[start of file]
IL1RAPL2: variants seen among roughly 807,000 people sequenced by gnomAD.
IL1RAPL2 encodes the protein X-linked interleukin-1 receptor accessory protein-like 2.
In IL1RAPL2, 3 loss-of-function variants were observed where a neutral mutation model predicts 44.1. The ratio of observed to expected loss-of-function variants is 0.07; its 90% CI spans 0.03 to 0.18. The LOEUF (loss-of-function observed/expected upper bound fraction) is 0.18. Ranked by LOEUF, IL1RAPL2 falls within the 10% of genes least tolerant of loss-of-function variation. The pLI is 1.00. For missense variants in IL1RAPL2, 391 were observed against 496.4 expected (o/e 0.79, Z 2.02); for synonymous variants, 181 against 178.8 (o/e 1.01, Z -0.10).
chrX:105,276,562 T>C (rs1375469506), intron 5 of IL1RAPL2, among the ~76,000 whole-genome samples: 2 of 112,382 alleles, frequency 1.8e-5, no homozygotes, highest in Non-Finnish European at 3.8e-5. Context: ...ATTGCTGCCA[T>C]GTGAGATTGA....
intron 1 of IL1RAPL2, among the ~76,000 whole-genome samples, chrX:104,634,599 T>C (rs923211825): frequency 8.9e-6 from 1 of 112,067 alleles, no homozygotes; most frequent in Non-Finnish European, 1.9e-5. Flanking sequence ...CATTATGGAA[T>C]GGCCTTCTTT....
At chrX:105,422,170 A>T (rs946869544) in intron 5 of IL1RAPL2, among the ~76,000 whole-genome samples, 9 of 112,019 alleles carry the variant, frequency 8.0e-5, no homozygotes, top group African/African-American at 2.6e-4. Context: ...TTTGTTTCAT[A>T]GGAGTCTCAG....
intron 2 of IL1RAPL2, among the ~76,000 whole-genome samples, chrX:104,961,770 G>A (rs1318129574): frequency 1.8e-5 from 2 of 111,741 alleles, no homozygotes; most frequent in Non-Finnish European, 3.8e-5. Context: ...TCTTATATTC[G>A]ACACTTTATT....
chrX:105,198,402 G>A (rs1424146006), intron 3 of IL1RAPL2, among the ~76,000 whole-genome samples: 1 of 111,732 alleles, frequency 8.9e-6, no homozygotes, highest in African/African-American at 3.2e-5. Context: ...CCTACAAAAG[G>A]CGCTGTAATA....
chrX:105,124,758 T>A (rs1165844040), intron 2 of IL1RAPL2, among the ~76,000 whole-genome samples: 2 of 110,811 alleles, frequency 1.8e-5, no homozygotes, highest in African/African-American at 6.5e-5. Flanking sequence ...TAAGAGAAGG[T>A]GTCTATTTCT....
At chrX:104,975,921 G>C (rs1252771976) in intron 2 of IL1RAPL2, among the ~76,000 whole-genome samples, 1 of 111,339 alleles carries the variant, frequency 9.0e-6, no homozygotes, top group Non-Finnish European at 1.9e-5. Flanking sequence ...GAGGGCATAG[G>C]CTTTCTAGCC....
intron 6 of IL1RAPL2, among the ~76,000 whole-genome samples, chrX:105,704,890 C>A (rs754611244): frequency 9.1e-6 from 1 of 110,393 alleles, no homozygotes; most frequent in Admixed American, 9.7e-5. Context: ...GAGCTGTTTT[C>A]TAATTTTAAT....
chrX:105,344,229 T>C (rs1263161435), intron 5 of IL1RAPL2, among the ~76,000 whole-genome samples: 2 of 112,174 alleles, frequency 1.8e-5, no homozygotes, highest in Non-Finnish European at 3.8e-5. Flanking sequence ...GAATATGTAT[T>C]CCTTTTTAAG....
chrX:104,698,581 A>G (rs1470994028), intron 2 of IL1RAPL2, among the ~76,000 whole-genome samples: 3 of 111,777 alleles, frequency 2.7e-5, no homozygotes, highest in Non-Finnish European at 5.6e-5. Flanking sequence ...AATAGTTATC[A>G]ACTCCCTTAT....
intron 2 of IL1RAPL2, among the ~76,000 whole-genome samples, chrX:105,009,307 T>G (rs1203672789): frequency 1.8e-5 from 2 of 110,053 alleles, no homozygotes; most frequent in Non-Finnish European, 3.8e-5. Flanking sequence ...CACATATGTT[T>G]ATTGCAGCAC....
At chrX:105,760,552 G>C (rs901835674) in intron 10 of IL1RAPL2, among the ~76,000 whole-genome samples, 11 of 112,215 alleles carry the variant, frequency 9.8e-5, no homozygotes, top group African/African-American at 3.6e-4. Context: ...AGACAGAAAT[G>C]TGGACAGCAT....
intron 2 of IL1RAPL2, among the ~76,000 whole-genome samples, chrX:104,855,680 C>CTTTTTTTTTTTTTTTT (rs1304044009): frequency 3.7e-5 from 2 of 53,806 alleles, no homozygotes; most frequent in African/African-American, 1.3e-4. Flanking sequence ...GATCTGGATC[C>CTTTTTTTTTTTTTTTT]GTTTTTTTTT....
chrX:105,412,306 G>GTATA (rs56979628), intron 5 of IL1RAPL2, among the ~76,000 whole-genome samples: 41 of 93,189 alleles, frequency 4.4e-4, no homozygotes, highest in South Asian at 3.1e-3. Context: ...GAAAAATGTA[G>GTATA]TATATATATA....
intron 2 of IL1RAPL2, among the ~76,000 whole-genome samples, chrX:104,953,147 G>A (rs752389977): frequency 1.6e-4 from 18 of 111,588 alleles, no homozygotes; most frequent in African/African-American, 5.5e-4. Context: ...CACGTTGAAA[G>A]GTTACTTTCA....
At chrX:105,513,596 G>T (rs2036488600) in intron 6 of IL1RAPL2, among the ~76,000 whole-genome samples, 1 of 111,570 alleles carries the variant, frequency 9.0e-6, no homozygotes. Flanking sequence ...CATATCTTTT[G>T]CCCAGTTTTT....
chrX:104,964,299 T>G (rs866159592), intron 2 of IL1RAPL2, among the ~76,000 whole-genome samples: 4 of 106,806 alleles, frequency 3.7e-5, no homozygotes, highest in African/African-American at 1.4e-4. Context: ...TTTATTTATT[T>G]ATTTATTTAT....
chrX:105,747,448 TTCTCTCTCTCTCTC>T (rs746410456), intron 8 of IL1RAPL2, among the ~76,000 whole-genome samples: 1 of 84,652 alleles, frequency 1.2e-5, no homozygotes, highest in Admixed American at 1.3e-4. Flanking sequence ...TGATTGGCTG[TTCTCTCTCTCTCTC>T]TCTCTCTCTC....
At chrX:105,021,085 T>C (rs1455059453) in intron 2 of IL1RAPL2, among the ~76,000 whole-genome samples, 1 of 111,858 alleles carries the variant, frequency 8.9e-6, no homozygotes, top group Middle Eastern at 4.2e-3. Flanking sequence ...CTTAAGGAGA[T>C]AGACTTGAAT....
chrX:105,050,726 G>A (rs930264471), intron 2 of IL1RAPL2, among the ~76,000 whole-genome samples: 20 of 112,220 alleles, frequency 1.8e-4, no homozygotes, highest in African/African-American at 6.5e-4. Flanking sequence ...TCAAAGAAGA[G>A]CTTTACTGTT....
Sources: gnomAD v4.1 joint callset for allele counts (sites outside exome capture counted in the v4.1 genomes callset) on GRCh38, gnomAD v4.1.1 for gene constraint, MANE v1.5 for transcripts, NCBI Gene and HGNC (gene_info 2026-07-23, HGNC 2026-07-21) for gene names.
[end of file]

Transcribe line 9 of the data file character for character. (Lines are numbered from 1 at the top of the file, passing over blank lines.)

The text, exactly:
chrX:105,124,758 T>A (rs1165844040), intron 2 of IL1RAPL2, among the ~76,000 whole-genome samples: 2 of 110,811 alleles, frequency 1.8e-5, no homozygotes, highest in African/African-American at 6.5e-5. Flanking sequence ...TAAGAGAAGG[T>A]GTCTATTTCT....